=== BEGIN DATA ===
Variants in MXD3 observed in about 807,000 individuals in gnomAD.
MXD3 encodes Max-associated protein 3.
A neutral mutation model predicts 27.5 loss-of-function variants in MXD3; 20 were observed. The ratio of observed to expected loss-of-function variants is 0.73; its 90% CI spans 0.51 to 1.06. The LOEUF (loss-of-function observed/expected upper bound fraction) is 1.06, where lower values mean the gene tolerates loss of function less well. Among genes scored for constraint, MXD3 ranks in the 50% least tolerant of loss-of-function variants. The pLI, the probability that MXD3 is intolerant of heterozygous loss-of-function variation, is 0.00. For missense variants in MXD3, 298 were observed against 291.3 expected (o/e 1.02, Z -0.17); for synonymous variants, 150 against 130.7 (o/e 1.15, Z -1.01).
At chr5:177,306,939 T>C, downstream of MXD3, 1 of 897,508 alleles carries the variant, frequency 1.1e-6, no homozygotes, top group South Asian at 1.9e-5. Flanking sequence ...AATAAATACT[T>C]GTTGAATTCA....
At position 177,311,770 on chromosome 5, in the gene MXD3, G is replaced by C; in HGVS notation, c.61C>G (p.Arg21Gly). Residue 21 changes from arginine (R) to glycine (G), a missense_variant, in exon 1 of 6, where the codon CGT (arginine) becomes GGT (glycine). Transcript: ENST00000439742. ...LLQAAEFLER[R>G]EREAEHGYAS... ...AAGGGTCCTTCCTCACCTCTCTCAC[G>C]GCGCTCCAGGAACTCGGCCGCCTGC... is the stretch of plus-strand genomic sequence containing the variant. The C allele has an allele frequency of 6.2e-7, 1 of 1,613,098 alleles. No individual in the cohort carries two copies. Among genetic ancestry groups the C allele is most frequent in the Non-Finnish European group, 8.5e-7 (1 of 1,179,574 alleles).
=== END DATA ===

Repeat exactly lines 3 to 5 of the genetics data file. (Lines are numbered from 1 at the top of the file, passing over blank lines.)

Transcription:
A neutral mutation model predicts 27.5 loss-of-function variants in MXD3; 20 were observed. The ratio of observed to expected loss-of-function variants is 0.73; its 90% CI spans 0.51 to 1.06. The LOEUF (loss-of-function observed/expected upper bound fraction) is 1.06, where lower values mean the gene tolerates loss of function less well. Among genes scored for constraint, MXD3 ranks in the 50% least tolerant of loss-of-function variants. The pLI, the probability that MXD3 is intolerant of heterozygous loss-of-function variation, is 0.00. For missense variants in MXD3, 298 were observed against 291.3 expected (o/e 1.02, Z -0.17); for synonymous variants, 150 against 130.7 (o/e 1.15, Z -1.01).
At chr5:177,306,939 T>C, downstream of MXD3, 1 of 897,508 alleles carries the variant, frequency 1.1e-6, no homozygotes, top group South Asian at 1.9e-5. Flanking sequence ...AATAAATACT[T>C]GTTGAATTCA....
At position 177,311,770 on chromosome 5, in the gene MXD3, G is replaced by C; in HGVS notation, c.61C>G (p.Arg21Gly). Residue 21 changes from arginine (R) to glycine (G), a missense_variant, in exon 1 of 6, where the codon CGT (arginine) becomes GGT (glycine). Transcript: ENST00000439742. ...LLQAAEFLER[R>G]EREAEHGYAS... ...AAGGGTCCTTCCTCACCTCTCTCAC[G>C]GCGCTCCAGGAACTCGGCCGCCTGC... is the stretch of plus-strand genomic sequence containing the variant. The C allele has an allele frequency of 6.2e-7, 1 of 1,613,098 alleles. No individual in the cohort carries two copies. Among genetic ancestry groups the C allele is most frequent in the Non-Finnish European group, 8.5e-7 (1 of 1,179,574 alleles).